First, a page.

Jean Todt faces an FIA election in December and for some time there has been vague talk that there might be a candidate against him. Some have felt that Bernie Ecclestone might support such a campaign if he cannot do a suitable deal over the Concorde Agreement with Jean Todt.
Thus far no-one has emerged from the shadows, while Todt has been busy, gathering commitments of support from FIA clubs in different regions, notably the Americas and Australia. However, in what looks like a deliberate leak, The Times has run a story suggesting that the Frenchman might face opposition from David Ward, the Director General of the FIA Foundation for the Automobile and Society.
Ward (56) started out in British politics and from 1988 to 1994 was chief policy advisor to the Rt Hon John Smith, who replaced Neil Kinnock as the leader of the Labour Party in 1992. He competed in karting, saloon cars and historic sports cars and is a member of the Royal Automobile Club.
Smith died of a heart attack in 1994 and was replaced by Tony Blair. After that Ward switched from politics to the automobile world, becoming the director general of the European Bureau of the FIA in Brussels from 1996. He was responsible in this role for the FIA public policy agenda including mobility, safety and the environment and was particularly involved in legislative campaigns concerning automobile crash test and emission standards, while also overseeing the FIA’s problems with the European Union over competition and the restriction of tobacco advertising and in helping to develop the EU’s attitudes towards sports governance. He played an important role in the development of the European New Car Assessment Programme crash test programme) and in recent years has played a key role in road safety programmes.
One of Max Mosley’s closest advisors, he was appointed director general of the FIA Foundation for the Automobile and Society in 2001. This is an independent UK registered charity established with an endowment of $300 million from the FIA, the money that was raised when the commercial rights of F1 were leased to Ecclestone’s Formula One group for 100 years. The Foundation’s objectives are to promote road safety, environmental protection, sustainable mobility and motor sport safety.
Ward has also been the secretary-general of the FIA International Court of Appeal.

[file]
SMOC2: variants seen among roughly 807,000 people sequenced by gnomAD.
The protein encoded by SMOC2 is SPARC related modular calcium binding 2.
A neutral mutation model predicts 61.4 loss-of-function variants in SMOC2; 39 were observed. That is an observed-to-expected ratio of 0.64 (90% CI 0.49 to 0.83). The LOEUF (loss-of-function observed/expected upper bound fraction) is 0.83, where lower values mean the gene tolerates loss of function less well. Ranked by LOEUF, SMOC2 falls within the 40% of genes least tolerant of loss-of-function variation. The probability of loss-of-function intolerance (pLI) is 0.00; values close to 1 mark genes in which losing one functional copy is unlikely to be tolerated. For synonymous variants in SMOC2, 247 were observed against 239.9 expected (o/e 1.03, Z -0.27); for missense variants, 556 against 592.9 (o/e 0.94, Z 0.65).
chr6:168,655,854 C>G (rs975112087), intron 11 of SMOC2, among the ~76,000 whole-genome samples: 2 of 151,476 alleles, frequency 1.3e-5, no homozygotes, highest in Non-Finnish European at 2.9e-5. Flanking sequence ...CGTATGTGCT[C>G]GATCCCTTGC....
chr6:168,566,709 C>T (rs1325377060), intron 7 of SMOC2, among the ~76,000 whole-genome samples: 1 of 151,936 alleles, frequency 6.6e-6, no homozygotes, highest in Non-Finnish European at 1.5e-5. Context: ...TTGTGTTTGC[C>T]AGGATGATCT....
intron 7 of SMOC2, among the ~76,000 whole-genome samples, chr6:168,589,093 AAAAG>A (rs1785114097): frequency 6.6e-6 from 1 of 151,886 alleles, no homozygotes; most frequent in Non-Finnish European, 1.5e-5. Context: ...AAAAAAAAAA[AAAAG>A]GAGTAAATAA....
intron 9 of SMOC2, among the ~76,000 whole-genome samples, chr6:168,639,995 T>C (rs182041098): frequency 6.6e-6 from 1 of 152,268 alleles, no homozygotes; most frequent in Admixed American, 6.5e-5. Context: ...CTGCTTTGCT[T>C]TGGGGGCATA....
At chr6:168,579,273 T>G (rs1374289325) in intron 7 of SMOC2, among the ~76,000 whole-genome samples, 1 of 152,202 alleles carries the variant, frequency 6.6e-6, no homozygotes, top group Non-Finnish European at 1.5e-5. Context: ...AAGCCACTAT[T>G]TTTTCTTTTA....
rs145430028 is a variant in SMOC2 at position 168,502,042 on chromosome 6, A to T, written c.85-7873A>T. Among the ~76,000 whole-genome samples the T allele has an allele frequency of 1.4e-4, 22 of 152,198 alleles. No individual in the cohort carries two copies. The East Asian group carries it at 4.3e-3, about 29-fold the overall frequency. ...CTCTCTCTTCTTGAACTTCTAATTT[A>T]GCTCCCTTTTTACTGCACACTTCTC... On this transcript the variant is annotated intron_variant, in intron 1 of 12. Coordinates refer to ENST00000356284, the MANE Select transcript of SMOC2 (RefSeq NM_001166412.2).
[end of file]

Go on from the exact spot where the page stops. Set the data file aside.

After Max Mosley left the role of FIA President Ward remained in charge of the foundation. He campaigned for Jean Todt at the last FIA election, but has not always seen eye-to-eye with Todt since then.
Ward says that he is thinking about standing against Todt because there is always the need for a debate within the FIA and if there are no other candidates then there will be no debate. The story in The Times seems more like a toe-in-the-water test to see if there is any support for the idea of a rival candidate. The biggest problem that Ward faces is that he will be seen as a Mosley man and, by extension, a supporter of Bernie Ecclestone.
However this might not turn out to be the case. With Ecclestone possibly in deep legal trouble in Germany, there is a possible opportunity for the FIA to cancel the 100-year deal and take back the commercial rights and thus create a new structure that will be much more beneficial for the FIA and for the sport. It is not yet clear whether Todt will go down this path, as he has tended to be very cautious in all his decisions regarding F1. Ward is a man who might be more decisive and so could be seen as a much more attractive candidate by some within the FIA who seen this as an opportunity to restructure the commercial arrangements of F1 with the FIA getting a share that would enable the federation to have the money to do much more than it is currently doing in many different areas, increasing its power and influence. The F1 teams would likely support such an initiative because they would get substantially more money than is currently the case.
The prospect of a potential rival may push the FIA President towards a more active role in regaining the commercial rights, on the basis that if he does not act, it would leave the field open to a rival candidate.
The election takes place at the FIA Annual General Assembly in Paris between December 2-6. Those wishing to stand for office must put in their election lists between October 23 and November 13.